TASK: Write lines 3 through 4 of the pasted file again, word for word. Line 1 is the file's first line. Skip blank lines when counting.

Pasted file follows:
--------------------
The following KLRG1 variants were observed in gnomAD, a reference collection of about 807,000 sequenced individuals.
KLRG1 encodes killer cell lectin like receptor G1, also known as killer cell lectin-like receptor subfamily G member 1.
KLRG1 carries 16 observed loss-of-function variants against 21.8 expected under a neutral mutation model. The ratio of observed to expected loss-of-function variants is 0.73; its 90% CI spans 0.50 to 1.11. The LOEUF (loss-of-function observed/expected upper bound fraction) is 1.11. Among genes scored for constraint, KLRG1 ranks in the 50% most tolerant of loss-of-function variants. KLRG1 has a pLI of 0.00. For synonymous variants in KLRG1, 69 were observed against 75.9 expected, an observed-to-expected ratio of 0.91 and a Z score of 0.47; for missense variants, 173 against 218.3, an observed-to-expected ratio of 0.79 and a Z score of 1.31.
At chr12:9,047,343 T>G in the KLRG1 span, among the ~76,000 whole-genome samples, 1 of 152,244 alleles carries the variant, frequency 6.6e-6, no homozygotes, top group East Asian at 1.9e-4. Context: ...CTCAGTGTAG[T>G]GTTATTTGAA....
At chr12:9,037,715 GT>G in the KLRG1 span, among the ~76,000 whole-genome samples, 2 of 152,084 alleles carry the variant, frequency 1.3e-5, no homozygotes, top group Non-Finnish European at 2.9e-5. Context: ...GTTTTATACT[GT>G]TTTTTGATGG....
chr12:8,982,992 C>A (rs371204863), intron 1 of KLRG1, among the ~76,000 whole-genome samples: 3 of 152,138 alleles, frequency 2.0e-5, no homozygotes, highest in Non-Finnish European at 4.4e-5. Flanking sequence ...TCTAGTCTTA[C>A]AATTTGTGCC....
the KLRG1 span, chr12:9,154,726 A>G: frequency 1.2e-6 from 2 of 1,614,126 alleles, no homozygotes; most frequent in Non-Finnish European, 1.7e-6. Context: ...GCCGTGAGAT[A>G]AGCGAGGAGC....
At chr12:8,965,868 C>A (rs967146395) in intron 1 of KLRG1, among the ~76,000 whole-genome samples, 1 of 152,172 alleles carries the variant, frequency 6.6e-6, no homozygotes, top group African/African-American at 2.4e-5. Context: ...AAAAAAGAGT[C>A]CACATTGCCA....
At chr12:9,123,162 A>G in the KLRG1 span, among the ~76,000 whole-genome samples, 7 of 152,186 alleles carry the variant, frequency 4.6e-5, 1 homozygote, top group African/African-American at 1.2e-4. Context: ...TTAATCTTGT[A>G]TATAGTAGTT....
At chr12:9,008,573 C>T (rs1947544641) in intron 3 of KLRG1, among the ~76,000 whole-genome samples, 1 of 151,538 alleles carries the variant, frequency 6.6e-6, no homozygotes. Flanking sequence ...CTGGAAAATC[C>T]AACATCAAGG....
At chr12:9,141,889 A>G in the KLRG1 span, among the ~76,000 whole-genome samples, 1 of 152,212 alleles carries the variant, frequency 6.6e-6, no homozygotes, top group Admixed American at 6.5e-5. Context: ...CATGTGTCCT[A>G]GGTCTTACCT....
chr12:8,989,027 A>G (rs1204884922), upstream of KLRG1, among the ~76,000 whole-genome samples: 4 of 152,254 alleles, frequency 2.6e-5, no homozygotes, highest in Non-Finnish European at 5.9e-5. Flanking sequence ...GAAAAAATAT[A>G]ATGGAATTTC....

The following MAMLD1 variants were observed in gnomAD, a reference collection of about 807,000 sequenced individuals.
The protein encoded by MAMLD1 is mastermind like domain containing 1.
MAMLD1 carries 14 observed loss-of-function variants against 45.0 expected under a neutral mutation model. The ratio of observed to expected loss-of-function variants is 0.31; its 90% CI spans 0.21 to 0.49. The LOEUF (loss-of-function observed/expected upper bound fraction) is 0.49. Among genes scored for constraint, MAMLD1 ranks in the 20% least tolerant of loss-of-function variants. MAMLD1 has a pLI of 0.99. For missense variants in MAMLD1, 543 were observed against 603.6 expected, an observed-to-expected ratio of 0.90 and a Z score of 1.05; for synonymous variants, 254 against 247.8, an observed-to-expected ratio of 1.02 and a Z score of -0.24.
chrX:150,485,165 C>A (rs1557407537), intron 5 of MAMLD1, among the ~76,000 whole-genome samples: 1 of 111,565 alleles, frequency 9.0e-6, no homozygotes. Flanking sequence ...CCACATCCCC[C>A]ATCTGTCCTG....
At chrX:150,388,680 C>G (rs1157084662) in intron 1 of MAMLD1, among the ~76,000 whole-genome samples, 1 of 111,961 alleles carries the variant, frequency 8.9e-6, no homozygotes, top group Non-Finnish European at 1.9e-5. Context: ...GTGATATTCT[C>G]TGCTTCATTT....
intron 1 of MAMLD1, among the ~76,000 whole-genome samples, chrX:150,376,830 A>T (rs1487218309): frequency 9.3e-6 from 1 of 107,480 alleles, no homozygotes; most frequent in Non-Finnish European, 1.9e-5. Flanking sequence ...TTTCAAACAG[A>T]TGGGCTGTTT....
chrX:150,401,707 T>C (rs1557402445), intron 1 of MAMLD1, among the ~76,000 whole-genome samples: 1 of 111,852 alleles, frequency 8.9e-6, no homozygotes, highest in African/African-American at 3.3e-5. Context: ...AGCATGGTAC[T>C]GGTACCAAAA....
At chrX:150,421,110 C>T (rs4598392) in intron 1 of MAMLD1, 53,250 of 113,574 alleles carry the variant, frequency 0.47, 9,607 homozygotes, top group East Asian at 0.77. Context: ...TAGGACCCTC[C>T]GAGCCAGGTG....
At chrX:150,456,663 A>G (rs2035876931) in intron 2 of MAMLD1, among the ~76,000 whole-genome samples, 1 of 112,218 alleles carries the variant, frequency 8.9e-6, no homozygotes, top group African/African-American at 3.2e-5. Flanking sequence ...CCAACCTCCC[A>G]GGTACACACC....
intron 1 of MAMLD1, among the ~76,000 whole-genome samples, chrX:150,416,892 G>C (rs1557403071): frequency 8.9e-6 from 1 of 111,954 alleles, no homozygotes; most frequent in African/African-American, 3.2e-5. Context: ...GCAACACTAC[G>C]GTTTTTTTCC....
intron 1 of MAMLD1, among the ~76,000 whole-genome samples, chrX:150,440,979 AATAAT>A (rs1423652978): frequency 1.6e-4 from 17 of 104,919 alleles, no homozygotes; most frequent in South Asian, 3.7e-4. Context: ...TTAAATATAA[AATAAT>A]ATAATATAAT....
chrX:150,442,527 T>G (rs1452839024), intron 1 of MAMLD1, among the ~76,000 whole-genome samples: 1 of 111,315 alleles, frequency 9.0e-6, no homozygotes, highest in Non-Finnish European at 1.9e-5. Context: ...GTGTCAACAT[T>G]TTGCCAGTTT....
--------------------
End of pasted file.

KLRG1 carries 16 observed loss-of-function variants against 21.8 expected under a neutral mutation model. The ratio of observed to expected loss-of-function variants is 0.73; its 90% CI spans 0.50 to 1.11. The LOEUF (loss-of-function observed/expected upper bound fraction) is 1.11. Among genes scored for constraint, KLRG1 ranks in the 50% most tolerant of loss-of-function variants. KLRG1 has a pLI of 0.00. For synonymous variants in KLRG1, 69 were observed against 75.9 expected, an observed-to-expected ratio of 0.91 and a Z score of 0.47; for missense variants, 173 against 218.3, an observed-to-expected ratio of 0.79 and a Z score of 1.31.
At chr12:9,047,343 T>G in the KLRG1 span, among the ~76,000 whole-genome samples, 1 of 152,244 alleles carries the variant, frequency 6.6e-6, no homozygotes, top group East Asian at 1.9e-4. Context: ...CTCAGTGTAG[T>G]GTTATTTGAA....